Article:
As a recent milestone approached, I decided a cultural fact finding mission was appropriate. So the Bermondsey Mile (or part of it) was duly selected. I have watched with a mix of awe, amazement and sheer astonishment as the London craft beer movement has developed, and been replicated in other places. Out have gone any previous limitations, and we have such a range of beers available. I am a bit old school, in that as much as I love trying different beers, I generally like it to be moreish, and I do still enjoy a few pints of session ale, in a pub, where the conversation flows as richly as the beer. So wrapped up warm, we headed off into Marylebone, then across to Borough Market for some blotting paper, as some stronger than average beers were anticipated. Good to see a range of Hooky beers on sale there.
The first Brewery stop of the day was to the famous Kernel
Brewery, as they close at 2pm on a Saturday. The place was packed, and we queued for a good ten minutes, but there was a great relaxed atmosphere – a bit like rural pubs on a Friday night, or like rural pubs on a Friday night used to be. The beers were listed by style, served in half pints, and we opted for six beers between the four of us, ranging in alcohol, 7.3% being the strongest. Well, it was my birthday. Bench seating in a cold railway arch, drinking cloudy, strong beer; but everyone was loving it, there was a real buzz. I have always loved this sort of seating arrangement, none better than in Munich, where it just forces people to talk to each other, which is such an important part of drinking in pubs and bars. Made me think of the empty vaulted cellar beneath the steam engine at Hooky, and what we could do there…….
We moved on to The Bottle Shop, sampling beers from Beavertown, Siren and Pressure Drop. I had visited Pressure Drop last summer to look at their brewing kit prior to us ordering our pilot plant, so it was good to be reacquainted with their beers.
Brew by Numbers, Anspach & Hobday and Bullfinch were next in line, though it may not have been in that order. One of the defining sights of the day was visiting craft brewers in new premises under railway arches, with people drinking inside, and also sat outside on wooden pallets drinking and socialising; and yet opposite was a boarded up pub, still with some garden furniture outside, at which people were sitting drinking beers from the new brewers. I am sure that not many years ago, this pub would have been busy on a Saturday afternoon, with people drinking international beer brands, yet here they were drinking artisan craft beers, and each seemed to be trying a different beer. The peer pressure here wasn’t one of brands, but one of exploration.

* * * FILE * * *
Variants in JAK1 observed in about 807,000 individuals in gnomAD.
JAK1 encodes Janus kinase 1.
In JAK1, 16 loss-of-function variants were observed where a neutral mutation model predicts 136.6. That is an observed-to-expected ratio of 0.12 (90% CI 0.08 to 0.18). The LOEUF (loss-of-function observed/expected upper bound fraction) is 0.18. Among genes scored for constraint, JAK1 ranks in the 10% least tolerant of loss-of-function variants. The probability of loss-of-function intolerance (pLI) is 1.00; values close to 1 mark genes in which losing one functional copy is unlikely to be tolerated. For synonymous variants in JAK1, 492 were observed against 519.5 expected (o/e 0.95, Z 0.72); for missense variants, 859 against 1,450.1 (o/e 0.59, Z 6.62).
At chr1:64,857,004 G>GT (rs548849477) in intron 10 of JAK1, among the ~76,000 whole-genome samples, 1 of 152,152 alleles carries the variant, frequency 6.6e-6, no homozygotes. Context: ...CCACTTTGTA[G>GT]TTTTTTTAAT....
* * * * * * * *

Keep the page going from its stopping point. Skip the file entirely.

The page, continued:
By now we were feeling the cold, so made the short walk to the Draft House on Tower Bridge. This is a real favourite pub of mine, with a well chosen and wide ranging beer choice. A pint of Camden Town Pale Ale for me, varying drinks for the others. The pub was buzzing, with a great mixed and friendly crowd, just as I can remember pubs being on a Saturday some years ago. So what did this pub have? Warm, clean, friendly environment, and good range of well served beers. Just what the five of us needed after a tough day. Note the three chaps sporting varying degrees of facial hair.
So what is Craft Beer all about? What we saw, and enjoyed, was a genuine people day. Yes some great beers, pushing the boundaries, and the somewhat ubiquitous (at times) use of American hops with gusto, but above all a great fun day. Five people, all choosing, savouring and drinking different beers, including one lady who would probably not normally have beer as her first choice, but really enjoyed all we sampled. On trying to remember where exactly we had visited and in what order, I was reminded by one of my sons that somewhere along the line we also visited a gin distillery, and one of the biggest street food markets I had seen.
Back in the shire I was able to round off the evening with a couple of pints of cleansing cask ale. A birthday to remember, a huge range of beers sampled, and the best thing was waking up on Sunday feeling on top of the world.
Next time you have a free Saturday, consider the Bermondsey Mile. There are a couple of web sites giving details, you will have a great day out. We did. With thanks to Jo, Dan, Lucy and Lewis for a sensory day to remember. And apologies for the sideways pictures, that was me.